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Thank you so much... you solved my problem! I went and checked my saddle... the stirrups were way too short!

BUT now I have another question... how fancy is too fancy, for western show wear?


Let me ask you a question first -- How much makeup should a woman wear?

Obviously, the answers to both your question and mine are as individualized as the people and their surroundings. Sometimes any makeup is too much. On a theatrical stage, however, even a lady who is naturally gorgeous will need a heavy dose of makeup to keep from looking deathly pale.

Likewise, suitable attire for a formal reception at the White House will be far different from that for a trail ride. How fancy is too fancy? Let me give you some guidelines that may help:

1. What will most of the other competitors be wearing? A county fair is normally more down-to-earth than the national finals. If you are competing in a Peruvian Paso championship, however, the garb for all riders is virtually identical: a simple white shirt, pants, and scarf, with a Peruvian-style poncho and straw hat.

2. How will your outfit look with your horse and his tack? Pretend that you wanted the judge to ask you for a date (assuming the judge is of the opposite gender!). You want to catch that judge's eye with an appearance that says "I'm someone you should like. I'm smart, capable, charming, balanced... and several notches above the others in the ring! And my horse isn't bad, either!" The silver trim on the saddle and bridle shouldn't make you look like a stablehand by comparison - and neither should your clothes out-shine your horse. The idea is to present a unified package that will catch the judge's attention and accentuate your strong points while effectively hiding your weaknesses.

You can get downright sneaky here. Let's say your horse is almost always on his correct lead when circling to the left, but has a problem with circling to the right. When shopping for a top, you may want to look for something that's kinda flashy on the left side (which will be toward the judge when you circle to the left), but be downright recessive on the right. That way the judge will be more likely to notice you when your mount is picture-perfect than when he's not!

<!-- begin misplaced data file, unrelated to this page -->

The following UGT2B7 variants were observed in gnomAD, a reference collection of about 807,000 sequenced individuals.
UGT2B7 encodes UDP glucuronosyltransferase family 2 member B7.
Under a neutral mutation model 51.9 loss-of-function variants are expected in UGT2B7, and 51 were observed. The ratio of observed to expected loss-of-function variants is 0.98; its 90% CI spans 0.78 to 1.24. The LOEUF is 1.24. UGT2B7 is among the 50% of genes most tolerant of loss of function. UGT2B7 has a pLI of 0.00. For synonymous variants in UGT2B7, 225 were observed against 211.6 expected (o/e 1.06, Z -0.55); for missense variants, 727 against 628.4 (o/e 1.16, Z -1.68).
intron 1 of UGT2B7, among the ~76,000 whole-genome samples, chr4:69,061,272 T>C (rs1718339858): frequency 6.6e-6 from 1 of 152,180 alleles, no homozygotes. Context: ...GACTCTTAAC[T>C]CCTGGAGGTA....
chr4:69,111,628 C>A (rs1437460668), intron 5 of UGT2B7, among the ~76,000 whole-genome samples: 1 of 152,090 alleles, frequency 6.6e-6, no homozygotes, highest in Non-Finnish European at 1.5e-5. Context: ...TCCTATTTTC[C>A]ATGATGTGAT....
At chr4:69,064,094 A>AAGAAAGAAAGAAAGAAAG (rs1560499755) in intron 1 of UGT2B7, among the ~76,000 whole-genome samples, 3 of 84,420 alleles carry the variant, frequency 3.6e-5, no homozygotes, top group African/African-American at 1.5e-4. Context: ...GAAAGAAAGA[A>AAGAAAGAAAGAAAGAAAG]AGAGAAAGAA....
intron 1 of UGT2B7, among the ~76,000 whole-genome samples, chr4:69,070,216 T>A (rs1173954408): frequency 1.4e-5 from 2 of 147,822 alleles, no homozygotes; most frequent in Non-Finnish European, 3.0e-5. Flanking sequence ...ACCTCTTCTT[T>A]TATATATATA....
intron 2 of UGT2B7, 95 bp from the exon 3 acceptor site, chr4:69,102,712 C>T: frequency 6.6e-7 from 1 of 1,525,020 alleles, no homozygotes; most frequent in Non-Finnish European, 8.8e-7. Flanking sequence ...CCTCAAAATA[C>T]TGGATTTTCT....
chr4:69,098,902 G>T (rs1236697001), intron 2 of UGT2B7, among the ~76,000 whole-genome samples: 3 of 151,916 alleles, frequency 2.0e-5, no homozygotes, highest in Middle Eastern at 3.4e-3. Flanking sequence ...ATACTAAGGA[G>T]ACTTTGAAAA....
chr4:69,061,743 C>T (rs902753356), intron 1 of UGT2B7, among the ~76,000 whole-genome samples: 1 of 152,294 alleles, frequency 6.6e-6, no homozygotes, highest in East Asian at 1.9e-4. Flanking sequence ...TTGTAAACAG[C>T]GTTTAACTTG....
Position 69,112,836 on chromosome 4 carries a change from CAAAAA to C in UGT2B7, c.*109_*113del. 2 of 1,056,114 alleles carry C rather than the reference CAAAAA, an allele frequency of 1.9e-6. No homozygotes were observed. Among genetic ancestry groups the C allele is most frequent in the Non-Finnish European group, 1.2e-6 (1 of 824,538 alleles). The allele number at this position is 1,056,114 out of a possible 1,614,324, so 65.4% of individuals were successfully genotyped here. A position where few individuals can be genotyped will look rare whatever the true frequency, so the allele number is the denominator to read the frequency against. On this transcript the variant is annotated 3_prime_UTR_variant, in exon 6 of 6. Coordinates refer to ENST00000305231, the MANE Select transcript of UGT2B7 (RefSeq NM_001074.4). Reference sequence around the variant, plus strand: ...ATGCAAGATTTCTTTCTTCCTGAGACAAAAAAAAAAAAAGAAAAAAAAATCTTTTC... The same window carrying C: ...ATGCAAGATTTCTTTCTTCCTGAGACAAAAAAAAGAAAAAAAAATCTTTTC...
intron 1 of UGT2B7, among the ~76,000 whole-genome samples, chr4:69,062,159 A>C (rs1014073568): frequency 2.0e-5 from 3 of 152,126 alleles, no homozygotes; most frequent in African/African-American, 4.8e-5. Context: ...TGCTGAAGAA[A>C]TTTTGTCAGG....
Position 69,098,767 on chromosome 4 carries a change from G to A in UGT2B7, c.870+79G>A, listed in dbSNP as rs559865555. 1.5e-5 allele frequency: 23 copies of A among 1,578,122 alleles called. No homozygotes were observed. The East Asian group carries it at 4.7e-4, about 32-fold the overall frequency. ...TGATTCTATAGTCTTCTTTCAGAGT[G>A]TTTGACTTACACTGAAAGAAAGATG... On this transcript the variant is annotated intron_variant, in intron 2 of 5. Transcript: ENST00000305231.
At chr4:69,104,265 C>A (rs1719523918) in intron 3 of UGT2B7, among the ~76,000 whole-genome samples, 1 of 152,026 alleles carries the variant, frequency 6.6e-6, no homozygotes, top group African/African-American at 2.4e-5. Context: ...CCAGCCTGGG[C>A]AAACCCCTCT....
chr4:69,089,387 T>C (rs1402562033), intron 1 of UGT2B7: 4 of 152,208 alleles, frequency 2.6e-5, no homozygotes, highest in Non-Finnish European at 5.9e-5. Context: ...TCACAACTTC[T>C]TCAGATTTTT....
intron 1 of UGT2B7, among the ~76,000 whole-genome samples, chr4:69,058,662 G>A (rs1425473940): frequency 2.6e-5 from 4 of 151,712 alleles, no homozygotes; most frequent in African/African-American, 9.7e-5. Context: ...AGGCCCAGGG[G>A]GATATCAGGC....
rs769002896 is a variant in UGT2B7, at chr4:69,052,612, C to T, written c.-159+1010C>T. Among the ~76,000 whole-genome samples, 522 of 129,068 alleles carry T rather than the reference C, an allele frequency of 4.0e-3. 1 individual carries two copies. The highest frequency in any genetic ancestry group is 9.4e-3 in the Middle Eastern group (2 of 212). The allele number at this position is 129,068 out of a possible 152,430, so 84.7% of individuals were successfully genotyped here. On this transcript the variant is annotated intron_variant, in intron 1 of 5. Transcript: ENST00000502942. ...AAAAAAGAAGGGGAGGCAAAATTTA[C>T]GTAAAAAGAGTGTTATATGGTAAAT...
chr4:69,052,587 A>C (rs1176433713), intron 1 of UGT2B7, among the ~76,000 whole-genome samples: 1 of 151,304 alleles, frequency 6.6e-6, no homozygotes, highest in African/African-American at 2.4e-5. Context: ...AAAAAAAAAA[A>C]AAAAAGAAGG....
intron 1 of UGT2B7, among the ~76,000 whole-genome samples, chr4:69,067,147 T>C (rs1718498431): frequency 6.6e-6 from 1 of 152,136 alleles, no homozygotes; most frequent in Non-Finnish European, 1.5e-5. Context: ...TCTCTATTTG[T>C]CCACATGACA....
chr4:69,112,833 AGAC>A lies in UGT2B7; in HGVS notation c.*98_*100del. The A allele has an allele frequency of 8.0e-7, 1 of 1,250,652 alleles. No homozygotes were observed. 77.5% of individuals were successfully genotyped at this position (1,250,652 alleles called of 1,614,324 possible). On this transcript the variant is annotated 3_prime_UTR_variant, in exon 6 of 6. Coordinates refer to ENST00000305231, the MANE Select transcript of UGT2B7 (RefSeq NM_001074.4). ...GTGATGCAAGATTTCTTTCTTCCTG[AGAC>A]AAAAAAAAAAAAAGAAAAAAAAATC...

3. How does the outfit fit you? Send a message to the judge that you are someone who pays attention to details. If you are hard to fit, you may want to spend a bit more on duds that really look good on you instead of gapping or bunching in the wrong places. And you may want to consider separate outfits for the halter and saddle classes. Have the tailor fit you standing for the halter outfit -- and take a saddle to the store so you can be fitted in a correct riding position for your saddle outfit! (Guys, take a hint from the womenfolk - wearing a tailored bodysuit can keep your shirt from developing an artificial beer-belly in the saddle, if you catch my drift!)

4. Are they going to look neat and clean? Think about the colors and material. Will they show dirt? Are they sturdy enough to stand up to the rigors of the horse world? Will they wrinkle easily? And when you find the right look, buy at least two sets! We've all seen the competitor who went to pieces emotionally because his or her clothes got splashed with mud (or something worse) and there was no change of clothes available at the last moment.

5. Does the outfit suit your own self-image? If wearing a flashy outfit makes you feel self-conscious, it's likely to distract you from your primary tasks of controlling your horse and following the judge's instructions. On the other hand, if you constantly feel yourself being overshadowed by other competitors, you may want to think about buying an outfit in the $1,000.00 range. Before you laugh, think about it. If you are a serious competitor, you've probably invested tens of thousands of dollars in your horse and all the care and trappings he requires. Aren't you just as important as your horse? And when you enter the ring, you'll have the confidence that comes from knowing that absolutely no one is better turned-out than you -- and your horse is every bit as good as you are.

From there on, it's a matter of personal taste.

From the American Quarter Horse Association Official Handbook of Rules and Regulations:

"In halter, speed events, team penning and other western classes, it is mandatory to wear appropriate western attire, including long sleeves and collar (band, standup, tuxedo, etc.) western hat and cowboy boots. The hat must be on the rider's head when the exhibitor enters the arena. Spurs and chaps are optional."

Kelly wearing her grandfather's colors When Kelly's grandparents heard that she was going to compete at the county fair, her grandmother made a couple of blouses with material that featured the same colors as her grandfather's racing silks from the days when he was a sulky jockey.

Too fancy? Not fancy enough? I don't know. But everyone who knew the story behind those blouses had a warm feeling in their heart when they saw Kelly wearing them. And it didn't hurt Kelly's harvest of ribbons any.

Happy Riding!

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